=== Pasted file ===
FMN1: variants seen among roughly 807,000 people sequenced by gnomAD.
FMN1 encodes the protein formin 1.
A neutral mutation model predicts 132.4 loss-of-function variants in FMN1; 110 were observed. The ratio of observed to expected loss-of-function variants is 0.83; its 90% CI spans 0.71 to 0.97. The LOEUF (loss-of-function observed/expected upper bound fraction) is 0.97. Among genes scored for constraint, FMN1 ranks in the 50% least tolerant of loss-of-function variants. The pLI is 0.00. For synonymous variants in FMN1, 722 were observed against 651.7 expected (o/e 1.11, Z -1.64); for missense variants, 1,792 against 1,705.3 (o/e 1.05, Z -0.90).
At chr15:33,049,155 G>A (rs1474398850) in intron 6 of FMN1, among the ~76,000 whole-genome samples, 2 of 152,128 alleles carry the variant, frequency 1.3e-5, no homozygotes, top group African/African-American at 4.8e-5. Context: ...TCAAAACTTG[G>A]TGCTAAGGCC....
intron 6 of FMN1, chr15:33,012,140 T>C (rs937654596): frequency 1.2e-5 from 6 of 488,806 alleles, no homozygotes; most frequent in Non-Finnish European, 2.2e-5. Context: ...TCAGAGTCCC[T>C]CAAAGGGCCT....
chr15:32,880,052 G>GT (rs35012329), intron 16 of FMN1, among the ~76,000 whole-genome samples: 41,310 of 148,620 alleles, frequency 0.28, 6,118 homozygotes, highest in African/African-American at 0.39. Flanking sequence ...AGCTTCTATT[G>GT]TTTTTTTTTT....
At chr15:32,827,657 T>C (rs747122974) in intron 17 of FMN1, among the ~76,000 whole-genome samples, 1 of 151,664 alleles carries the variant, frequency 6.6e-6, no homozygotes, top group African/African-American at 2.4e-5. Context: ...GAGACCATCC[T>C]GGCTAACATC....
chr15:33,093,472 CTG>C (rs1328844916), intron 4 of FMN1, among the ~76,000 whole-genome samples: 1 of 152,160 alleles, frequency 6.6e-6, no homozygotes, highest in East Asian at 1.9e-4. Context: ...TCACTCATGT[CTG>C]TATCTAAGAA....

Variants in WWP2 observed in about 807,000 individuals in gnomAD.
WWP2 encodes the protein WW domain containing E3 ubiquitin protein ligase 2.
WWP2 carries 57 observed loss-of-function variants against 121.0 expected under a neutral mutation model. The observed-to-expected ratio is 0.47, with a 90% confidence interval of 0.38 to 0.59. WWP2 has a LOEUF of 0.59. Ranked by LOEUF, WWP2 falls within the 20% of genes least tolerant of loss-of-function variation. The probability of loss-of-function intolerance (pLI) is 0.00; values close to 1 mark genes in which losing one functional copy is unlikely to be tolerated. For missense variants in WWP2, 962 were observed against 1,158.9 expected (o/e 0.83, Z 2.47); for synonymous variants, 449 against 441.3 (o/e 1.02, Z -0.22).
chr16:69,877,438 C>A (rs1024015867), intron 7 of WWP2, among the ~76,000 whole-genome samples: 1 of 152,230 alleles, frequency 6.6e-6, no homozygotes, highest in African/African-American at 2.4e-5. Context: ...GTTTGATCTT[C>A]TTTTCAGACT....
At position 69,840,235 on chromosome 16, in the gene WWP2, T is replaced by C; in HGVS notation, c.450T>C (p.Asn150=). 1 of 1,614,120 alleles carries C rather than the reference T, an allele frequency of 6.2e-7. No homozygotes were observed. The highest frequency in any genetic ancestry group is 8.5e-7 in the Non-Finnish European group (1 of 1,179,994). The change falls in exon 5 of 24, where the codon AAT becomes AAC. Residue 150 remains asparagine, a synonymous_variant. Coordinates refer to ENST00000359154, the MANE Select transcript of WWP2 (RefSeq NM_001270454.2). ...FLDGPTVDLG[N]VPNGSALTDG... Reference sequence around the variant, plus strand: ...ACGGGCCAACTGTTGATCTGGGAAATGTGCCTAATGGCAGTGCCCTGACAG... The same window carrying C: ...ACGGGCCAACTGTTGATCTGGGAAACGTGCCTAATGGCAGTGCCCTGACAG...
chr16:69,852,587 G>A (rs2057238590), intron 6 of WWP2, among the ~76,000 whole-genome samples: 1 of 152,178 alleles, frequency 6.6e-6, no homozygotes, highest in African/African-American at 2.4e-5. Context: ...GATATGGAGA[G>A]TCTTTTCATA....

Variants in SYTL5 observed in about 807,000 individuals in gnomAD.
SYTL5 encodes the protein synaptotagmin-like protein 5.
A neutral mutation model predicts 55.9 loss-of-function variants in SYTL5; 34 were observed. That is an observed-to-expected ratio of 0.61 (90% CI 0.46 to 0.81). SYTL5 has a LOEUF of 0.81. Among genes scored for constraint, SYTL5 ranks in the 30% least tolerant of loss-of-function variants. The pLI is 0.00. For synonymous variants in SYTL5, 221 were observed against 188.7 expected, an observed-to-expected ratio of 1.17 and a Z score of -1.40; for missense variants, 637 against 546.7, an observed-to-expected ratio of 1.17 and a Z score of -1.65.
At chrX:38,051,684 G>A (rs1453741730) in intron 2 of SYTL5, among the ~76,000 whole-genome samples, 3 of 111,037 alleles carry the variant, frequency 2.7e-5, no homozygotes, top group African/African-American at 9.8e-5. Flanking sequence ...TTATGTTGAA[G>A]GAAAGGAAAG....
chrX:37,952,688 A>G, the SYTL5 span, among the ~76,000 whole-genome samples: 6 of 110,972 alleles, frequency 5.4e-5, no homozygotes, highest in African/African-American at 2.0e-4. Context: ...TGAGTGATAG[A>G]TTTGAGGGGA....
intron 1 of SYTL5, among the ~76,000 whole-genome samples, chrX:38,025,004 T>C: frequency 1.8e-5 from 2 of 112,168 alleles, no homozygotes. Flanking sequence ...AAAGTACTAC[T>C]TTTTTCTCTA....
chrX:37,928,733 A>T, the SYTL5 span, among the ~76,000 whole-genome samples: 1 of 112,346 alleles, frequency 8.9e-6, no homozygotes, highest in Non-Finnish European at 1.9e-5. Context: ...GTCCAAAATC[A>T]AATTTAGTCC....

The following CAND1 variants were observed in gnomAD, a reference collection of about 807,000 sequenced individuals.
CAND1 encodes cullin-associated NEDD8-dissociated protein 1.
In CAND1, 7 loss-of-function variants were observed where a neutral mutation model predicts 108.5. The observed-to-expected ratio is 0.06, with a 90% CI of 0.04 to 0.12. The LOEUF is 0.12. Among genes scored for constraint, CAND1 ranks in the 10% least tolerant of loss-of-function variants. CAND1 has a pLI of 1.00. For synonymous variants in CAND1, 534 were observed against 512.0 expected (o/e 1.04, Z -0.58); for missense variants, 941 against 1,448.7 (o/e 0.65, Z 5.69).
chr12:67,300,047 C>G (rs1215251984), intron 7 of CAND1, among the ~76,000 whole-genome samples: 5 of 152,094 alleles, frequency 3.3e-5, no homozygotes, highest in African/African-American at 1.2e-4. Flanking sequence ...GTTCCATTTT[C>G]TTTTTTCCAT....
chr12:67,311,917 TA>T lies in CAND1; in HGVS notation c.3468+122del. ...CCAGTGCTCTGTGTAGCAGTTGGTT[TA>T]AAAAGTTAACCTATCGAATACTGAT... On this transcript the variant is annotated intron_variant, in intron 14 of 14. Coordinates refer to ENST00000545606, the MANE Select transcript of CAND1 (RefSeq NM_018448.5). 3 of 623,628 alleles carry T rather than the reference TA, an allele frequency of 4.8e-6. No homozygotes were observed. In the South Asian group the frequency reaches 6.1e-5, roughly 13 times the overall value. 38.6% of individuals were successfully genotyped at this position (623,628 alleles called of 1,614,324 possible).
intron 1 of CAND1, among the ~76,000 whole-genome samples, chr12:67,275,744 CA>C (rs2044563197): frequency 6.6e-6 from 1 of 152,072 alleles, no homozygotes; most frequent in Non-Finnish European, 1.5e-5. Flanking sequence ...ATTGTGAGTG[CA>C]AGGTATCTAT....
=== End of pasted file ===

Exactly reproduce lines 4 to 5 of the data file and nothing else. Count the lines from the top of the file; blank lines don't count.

At chr15:33,049,155 G>A (rs1474398850) in intron 6 of FMN1, among the ~76,000 whole-genome samples, 2 of 152,128 alleles carry the variant, frequency 1.3e-5, no homozygotes, top group African/African-American at 4.8e-5. Context: ...TCAAAACTTG[G>A]TGCTAAGGCC....
intron 6 of FMN1, chr15:33,012,140 T>C (rs937654596): frequency 1.2e-5 from 6 of 488,806 alleles, no homozygotes; most frequent in Non-Finnish European, 2.2e-5. Context: ...TCAGAGTCCC[T>C]CAAAGGGCCT....